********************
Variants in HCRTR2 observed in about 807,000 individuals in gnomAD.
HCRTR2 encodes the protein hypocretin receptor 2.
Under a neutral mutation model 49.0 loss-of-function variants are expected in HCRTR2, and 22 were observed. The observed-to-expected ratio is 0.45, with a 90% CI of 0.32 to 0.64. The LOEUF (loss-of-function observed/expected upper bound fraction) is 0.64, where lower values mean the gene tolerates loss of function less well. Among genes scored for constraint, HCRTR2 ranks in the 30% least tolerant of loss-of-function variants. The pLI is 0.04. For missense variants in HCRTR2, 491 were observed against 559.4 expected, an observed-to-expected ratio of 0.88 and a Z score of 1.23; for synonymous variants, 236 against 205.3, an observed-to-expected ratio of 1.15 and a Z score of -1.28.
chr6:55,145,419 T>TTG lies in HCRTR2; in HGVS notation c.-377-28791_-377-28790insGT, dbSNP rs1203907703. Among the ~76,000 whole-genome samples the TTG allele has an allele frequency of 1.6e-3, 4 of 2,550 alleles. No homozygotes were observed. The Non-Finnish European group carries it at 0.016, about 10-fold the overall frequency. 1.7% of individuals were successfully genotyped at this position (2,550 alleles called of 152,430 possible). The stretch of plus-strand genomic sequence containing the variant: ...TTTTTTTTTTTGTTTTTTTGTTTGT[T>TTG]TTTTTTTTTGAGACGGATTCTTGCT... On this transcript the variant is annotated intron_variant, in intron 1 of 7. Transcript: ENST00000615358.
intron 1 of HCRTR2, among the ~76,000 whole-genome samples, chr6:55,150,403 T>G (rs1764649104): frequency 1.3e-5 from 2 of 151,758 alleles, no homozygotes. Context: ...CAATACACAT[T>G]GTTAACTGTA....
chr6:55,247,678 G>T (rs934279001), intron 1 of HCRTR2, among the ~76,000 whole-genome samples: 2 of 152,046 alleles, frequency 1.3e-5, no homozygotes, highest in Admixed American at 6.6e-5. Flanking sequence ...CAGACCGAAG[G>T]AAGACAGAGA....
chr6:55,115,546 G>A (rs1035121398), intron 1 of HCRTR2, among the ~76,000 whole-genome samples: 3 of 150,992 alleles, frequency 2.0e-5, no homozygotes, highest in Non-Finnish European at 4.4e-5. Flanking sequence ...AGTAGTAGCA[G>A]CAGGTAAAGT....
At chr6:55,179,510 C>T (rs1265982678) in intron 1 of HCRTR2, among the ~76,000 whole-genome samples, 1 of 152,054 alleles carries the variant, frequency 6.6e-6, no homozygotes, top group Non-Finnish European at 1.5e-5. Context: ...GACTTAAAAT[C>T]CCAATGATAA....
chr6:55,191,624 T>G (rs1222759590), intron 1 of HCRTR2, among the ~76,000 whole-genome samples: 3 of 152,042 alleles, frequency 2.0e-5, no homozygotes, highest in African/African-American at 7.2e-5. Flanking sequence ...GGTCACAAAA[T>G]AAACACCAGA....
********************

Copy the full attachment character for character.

Variants in HCRTR2 observed in about 807,000 individuals in gnomAD.
HCRTR2 encodes the protein hypocretin receptor 2.
Under a neutral mutation model 49.0 loss-of-function variants are expected in HCRTR2, and 22 were observed. The observed-to-expected ratio is 0.45, with a 90% CI of 0.32 to 0.64. The LOEUF (loss-of-function observed/expected upper bound fraction) is 0.64, where lower values mean the gene tolerates loss of function less well. Among genes scored for constraint, HCRTR2 ranks in the 30% least tolerant of loss-of-function variants. The pLI is 0.04. For missense variants in HCRTR2, 491 were observed against 559.4 expected, an observed-to-expected ratio of 0.88 and a Z score of 1.23; for synonymous variants, 236 against 205.3, an observed-to-expected ratio of 1.15 and a Z score of -1.28.
chr6:55,145,419 T>TTG lies in HCRTR2; in HGVS notation c.-377-28791_-377-28790insGT, dbSNP rs1203907703. Among the ~76,000 whole-genome samples the TTG allele has an allele frequency of 1.6e-3, 4 of 2,550 alleles. No homozygotes were observed. The Non-Finnish European group carries it at 0.016, about 10-fold the overall frequency. 1.7% of individuals were successfully genotyped at this position (2,550 alleles called of 152,430 possible). The stretch of plus-strand genomic sequence containing the variant: ...TTTTTTTTTTTGTTTTTTTGTTTGT[T>TTG]TTTTTTTTTGAGACGGATTCTTGCT... On this transcript the variant is annotated intron_variant, in intron 1 of 7. Transcript: ENST00000615358.
intron 1 of HCRTR2, among the ~76,000 whole-genome samples, chr6:55,150,403 T>G (rs1764649104): frequency 1.3e-5 from 2 of 151,758 alleles, no homozygotes. Context: ...CAATACACAT[T>G]GTTAACTGTA....
chr6:55,247,678 G>T (rs934279001), intron 1 of HCRTR2, among the ~76,000 whole-genome samples: 2 of 152,046 alleles, frequency 1.3e-5, no homozygotes, highest in Admixed American at 6.6e-5. Flanking sequence ...CAGACCGAAG[G>T]AAGACAGAGA....
chr6:55,115,546 G>A (rs1035121398), intron 1 of HCRTR2, among the ~76,000 whole-genome samples: 3 of 150,992 alleles, frequency 2.0e-5, no homozygotes, highest in Non-Finnish European at 4.4e-5. Flanking sequence ...AGTAGTAGCA[G>A]CAGGTAAAGT....
At chr6:55,179,510 C>T (rs1265982678) in intron 1 of HCRTR2, among the ~76,000 whole-genome samples, 1 of 152,054 alleles carries the variant, frequency 6.6e-6, no homozygotes, top group Non-Finnish European at 1.5e-5. Context: ...GACTTAAAAT[C>T]CCAATGATAA....
chr6:55,191,624 T>G (rs1222759590), intron 1 of HCRTR2, among the ~76,000 whole-genome samples: 3 of 152,042 alleles, frequency 2.0e-5, no homozygotes, highest in African/African-American at 7.2e-5. Flanking sequence ...GGTCACAAAA[T>G]AAACACCAGA....